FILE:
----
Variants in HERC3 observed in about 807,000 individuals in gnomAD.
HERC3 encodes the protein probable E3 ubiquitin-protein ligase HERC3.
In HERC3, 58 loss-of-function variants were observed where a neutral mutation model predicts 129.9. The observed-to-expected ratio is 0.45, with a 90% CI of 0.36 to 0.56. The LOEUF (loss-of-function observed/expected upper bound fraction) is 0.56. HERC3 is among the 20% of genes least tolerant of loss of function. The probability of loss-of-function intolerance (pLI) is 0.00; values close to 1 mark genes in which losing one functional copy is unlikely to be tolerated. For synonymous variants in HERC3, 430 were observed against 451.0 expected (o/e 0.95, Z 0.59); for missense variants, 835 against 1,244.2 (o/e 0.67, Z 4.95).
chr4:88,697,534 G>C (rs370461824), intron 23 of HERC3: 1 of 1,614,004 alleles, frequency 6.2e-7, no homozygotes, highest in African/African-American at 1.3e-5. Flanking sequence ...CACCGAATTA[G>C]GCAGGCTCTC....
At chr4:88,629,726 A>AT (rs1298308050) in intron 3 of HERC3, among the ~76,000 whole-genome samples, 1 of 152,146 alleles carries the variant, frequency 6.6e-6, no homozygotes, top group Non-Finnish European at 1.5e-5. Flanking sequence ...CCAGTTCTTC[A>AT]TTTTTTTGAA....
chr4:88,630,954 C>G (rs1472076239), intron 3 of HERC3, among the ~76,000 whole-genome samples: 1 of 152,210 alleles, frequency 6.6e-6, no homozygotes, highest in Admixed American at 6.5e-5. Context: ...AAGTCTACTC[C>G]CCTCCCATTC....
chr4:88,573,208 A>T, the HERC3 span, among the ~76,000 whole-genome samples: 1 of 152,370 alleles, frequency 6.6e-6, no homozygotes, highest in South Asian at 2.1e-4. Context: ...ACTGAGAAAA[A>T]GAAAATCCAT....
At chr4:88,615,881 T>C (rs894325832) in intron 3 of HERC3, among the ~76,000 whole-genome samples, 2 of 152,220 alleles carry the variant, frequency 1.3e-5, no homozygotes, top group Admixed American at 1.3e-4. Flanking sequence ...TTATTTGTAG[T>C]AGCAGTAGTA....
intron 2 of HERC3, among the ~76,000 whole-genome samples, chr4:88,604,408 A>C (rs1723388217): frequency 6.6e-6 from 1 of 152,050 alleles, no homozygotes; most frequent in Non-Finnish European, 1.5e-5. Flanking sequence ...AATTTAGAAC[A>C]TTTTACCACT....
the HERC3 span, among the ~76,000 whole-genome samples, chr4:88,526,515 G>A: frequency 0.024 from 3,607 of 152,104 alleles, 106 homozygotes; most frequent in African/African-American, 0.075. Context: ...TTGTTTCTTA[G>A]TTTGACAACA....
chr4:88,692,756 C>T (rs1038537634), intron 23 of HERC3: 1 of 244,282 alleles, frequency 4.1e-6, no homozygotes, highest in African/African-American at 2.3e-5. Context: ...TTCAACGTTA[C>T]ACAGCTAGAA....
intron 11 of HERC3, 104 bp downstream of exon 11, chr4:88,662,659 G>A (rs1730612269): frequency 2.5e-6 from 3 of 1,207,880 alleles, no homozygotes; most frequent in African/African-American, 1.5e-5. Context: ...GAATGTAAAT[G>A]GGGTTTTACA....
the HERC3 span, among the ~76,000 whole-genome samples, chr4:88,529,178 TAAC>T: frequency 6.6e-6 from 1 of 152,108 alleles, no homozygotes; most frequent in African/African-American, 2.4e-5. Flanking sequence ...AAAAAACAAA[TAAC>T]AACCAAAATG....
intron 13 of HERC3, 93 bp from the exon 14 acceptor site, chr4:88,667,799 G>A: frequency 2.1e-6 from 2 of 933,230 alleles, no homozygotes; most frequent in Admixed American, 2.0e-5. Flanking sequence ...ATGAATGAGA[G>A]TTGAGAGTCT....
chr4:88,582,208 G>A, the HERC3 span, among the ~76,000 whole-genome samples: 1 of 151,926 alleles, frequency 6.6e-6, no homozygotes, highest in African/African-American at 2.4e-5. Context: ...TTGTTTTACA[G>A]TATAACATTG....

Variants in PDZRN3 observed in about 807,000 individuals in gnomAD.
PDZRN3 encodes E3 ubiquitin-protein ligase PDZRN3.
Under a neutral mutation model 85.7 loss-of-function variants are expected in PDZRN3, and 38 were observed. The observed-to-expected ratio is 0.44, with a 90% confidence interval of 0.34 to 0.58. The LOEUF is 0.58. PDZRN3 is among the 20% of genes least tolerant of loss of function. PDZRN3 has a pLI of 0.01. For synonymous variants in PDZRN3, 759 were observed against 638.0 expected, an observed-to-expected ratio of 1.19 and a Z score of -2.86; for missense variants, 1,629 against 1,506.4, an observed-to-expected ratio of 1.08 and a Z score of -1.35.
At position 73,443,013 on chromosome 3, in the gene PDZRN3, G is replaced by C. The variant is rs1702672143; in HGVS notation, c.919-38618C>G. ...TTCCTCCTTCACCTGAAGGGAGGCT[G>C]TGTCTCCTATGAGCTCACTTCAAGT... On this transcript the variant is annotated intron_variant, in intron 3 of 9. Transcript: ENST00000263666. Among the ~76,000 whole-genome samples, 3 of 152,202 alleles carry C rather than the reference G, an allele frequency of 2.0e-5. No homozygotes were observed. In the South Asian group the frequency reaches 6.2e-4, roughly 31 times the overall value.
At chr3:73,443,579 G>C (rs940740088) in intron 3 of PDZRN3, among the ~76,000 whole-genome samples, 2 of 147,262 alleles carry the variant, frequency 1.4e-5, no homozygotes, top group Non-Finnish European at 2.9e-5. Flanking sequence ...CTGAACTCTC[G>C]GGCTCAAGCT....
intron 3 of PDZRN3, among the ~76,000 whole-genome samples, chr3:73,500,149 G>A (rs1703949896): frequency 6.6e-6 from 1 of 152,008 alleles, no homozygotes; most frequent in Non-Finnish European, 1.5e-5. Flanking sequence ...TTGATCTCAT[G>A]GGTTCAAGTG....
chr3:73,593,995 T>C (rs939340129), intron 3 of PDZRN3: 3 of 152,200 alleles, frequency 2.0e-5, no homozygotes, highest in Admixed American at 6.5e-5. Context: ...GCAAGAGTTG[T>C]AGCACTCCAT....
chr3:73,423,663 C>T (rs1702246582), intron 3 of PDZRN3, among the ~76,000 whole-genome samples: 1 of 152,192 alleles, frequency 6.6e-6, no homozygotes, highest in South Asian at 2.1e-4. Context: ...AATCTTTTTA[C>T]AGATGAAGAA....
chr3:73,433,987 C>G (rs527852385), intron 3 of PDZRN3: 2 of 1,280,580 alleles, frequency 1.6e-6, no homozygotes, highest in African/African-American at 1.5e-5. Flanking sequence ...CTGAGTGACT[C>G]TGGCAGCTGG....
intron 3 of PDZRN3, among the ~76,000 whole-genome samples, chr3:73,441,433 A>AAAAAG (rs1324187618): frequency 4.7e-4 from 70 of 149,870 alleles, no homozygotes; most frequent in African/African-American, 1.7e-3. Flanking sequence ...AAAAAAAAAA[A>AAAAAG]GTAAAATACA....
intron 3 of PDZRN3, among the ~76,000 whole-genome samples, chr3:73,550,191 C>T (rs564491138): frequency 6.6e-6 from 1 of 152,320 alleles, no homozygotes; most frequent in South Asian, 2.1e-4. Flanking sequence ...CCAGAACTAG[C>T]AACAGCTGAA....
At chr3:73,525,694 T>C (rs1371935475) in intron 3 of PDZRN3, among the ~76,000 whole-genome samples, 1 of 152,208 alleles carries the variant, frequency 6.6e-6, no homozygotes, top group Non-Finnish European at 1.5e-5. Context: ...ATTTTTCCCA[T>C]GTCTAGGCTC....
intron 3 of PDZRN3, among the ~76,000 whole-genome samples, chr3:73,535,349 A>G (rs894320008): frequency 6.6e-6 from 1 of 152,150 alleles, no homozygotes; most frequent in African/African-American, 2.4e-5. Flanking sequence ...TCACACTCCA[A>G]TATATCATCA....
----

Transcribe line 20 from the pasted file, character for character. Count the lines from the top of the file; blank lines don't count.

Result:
At chr3:73,443,579 G>C (rs940740088) in intron 3 of PDZRN3, among the ~76,000 whole-genome samples, 2 of 147,262 alleles carry the variant, frequency 1.4e-5, no homozygotes, top group Non-Finnish European at 2.9e-5. Flanking sequence ...CTGAACTCTC[G>C]GGCTCAAGCT....